7. I’ve always seen weddings as events where you celebrate the couple getting married. I realize this person is family and that family obligation exists, but it really sounds like you don’t want to attend. So why force yourself to celebrate on the behalf of someone who doesn’t support you?

    If it were my decision, I’d want to run not going by my partner first. Even though your husband was supportive, not going might cause that little bit of unnecessary conflict that could be avoided by sucking it up and going. Honestly though, I’d hope he would be understanding about not going, but if he’s not, I could see not going to the wedding as a cause for strain on your own marriage.

  8. No; of course you don’t HAVE to go, and I don’t expect you WANT to go, other than seeing your daughter participate in the wedding.

    However, I also think there’s merit in not hiding — in going, and showing him, his family, and anyone else to whom rumors have been spread that a couple with a bi partner can have a healthy, loving, committed relationship — that you can’t be scared away from participating in family functions or that you’re ashamed of who you are. Good ole fashioned exposure therapy and education — and making it clear that you’re happiest out of the closet.

  9. First of all, your BIL is a gaslighting toxic fuckwad. YOU are not at fault for any of the family drama or for the strain on their brotherly relationship – HE is. I would be ENRAGED. Actually I am, and I don’t even know you.

    Anyway. I would say that given the delicate nature of the various different relationships here, you’re the only one who can know for sure what’s going to be safest for you. If you don’t want to go to the wedding and it won’t cause you any additional problems not to, then don’t. On the other hand, if you feel that not going might damage things with your husband, daughter or MIL in such a way that it would cause you further distress, then go. And wear this:

  10. Do NOT go to the wedding, or feel guilty about staying home! IF, however, something happens and you find yourself attending, my advice is to subtly ascend to Peak Bisexuality. Wear a suit like Evan Rachel Wood in the Bi flag colors. Quote Virgina Woolf’s love letters to Vita Sackville West in your card to the happy couple. Then your husband is in charge of running point for any resistance from his family.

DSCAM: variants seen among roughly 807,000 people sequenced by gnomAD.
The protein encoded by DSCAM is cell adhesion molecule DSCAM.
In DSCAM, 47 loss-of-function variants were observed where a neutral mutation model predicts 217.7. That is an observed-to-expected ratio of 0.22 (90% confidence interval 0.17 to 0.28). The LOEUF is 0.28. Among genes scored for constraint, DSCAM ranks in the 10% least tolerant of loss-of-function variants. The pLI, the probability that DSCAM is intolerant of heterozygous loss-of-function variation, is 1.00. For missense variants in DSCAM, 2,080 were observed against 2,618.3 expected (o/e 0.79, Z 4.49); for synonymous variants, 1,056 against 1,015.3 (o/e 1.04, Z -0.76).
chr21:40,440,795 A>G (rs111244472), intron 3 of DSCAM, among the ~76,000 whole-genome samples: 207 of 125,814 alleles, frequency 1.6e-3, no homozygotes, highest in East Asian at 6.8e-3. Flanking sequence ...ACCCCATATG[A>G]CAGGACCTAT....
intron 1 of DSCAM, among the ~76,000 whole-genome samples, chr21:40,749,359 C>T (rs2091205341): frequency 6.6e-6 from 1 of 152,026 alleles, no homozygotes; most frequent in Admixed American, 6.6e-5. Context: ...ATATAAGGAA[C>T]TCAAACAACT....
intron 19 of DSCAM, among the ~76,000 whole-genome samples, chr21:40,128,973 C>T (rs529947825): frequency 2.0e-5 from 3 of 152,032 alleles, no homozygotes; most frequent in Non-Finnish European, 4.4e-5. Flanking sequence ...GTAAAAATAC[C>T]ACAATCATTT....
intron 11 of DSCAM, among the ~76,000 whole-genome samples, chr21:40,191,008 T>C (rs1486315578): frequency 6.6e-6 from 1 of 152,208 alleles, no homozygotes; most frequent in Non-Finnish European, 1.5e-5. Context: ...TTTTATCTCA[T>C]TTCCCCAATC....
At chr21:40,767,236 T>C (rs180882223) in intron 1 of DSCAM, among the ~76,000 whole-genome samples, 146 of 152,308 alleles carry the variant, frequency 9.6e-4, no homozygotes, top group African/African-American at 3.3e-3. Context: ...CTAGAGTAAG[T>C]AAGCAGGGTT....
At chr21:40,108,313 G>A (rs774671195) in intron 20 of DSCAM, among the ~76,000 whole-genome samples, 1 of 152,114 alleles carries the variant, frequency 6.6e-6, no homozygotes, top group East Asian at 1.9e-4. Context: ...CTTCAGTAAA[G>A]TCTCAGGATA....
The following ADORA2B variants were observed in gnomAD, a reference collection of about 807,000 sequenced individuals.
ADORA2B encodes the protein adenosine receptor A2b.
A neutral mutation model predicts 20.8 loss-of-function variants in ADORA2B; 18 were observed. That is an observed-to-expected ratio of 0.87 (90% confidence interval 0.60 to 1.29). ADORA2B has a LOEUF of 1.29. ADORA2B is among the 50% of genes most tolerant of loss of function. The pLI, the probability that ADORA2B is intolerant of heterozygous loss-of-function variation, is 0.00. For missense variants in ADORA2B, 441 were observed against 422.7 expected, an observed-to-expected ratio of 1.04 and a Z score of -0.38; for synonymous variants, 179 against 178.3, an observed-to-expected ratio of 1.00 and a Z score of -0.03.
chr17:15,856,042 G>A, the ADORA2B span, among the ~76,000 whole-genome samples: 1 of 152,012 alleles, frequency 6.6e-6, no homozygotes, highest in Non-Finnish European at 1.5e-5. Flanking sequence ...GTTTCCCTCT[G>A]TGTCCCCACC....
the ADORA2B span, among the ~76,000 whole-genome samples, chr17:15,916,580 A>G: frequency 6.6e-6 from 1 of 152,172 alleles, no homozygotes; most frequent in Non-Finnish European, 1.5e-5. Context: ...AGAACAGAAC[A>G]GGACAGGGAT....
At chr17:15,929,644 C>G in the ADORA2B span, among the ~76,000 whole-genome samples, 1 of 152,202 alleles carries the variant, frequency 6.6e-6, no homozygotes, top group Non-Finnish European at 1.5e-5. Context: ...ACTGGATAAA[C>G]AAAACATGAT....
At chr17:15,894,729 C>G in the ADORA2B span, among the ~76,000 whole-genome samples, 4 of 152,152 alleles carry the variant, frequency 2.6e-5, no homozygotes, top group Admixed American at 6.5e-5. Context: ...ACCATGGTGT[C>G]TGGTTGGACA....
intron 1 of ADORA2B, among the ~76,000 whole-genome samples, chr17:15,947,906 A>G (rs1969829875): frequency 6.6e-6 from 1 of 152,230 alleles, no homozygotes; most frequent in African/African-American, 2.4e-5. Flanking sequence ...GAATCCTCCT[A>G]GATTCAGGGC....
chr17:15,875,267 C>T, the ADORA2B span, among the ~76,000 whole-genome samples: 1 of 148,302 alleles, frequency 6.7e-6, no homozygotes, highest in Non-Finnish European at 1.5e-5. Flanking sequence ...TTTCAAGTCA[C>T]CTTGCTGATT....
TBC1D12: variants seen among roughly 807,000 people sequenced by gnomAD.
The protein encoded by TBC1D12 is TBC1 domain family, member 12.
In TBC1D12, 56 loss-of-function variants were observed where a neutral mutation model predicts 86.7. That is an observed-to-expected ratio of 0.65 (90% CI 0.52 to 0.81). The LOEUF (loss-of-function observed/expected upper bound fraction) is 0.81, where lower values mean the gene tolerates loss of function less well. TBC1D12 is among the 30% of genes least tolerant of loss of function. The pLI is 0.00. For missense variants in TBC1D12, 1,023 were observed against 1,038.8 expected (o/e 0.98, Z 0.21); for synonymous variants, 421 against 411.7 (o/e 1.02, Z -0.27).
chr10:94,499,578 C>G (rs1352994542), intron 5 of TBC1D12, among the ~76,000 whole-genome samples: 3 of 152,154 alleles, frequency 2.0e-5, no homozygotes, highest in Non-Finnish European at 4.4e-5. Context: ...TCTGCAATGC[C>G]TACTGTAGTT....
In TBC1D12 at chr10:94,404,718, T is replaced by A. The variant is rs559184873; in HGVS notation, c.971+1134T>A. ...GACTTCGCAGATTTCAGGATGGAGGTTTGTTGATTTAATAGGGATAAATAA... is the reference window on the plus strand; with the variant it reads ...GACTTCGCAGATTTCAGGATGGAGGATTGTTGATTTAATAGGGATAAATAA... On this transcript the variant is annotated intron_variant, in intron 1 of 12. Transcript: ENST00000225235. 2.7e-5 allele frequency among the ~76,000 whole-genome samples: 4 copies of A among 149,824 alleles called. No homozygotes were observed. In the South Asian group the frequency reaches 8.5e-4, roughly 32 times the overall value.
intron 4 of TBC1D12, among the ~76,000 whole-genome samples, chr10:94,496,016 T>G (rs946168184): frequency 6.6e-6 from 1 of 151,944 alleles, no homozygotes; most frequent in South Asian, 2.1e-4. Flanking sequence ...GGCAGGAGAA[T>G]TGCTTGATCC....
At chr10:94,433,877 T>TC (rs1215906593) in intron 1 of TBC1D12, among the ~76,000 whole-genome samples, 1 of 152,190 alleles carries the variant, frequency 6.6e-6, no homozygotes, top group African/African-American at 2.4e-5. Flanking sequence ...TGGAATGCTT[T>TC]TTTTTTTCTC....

• An important caveat: do this only if you want to engage with the situation. If you end up going don’t have the energy to stir anything up, that is totally valid. The point is to show that your bisexuality is part of you, and you are part of this family, and nothing that your stupid brother-in-law says can change that.

  11. Unpopular opinion: I would probably go.

    Look, I get not wanting to go. I get the boiling fury that tells you to slam the door in his face, loudly, proudly, and refusing to see him for the rest of his life, and probably refusing to go to his funeral too.

    On the other hand, I wouldn’t want to be the drama queen who stays home with ridiculous excuses every time she’s upset with someone. I’m not saying that’s what’s going on here, but that may well be how it’s interpreted. We have a person in my family of whom that is the general perception and if that person gets legitimate food poisoning and has to stay home, you bet everyone is talking about it and attributing it to whatever situation anyone can think of has their underwear in a twist this time.

    To top things off, this is a wedding. Certain families will apply all kinds of importance to that and it could be considered a huge slight. Worse still, the husband might have to tell the inner circle the real reason his wife isn’t there, ruining the mood and causing more ill will towards her despite her not even being there.

    Unless the husband is also cutting off contact with the asshole brother, I say kill him with politeness and save the confrontation for another day. Let him be the one who feels uncomfortable about her being there.

    • eh. If the LW wanted the husband to be honest, he could tell them, “she didn’t feel comfortable.” If she didn’t want him to be honest, he could say she was under the weather. Weddings can be painfully awkward under the best of circumstances – this one doesn’t sound like one that I could personally tolerate.

      • I addressed the potential drama, and further blaming of the letter writer, in the case of the husband being honest with them in my post. It’s not necessarily as easy as he says something and that’s that.

        I get that people don’t want to suffer through this shit because it’s uncomfortable and the brother doesn’t remotely deserve the letter writer playing nice, but if my partner wanted to work it out and repair things with my brother-in-law I would have made the effort. I would’ve expected my partner to stand up for me and make it clear that playing nice with me is conditional for a future relationship, but I wouldn’t have risked mine and my partner’s future relationship with his entire family over this asshole.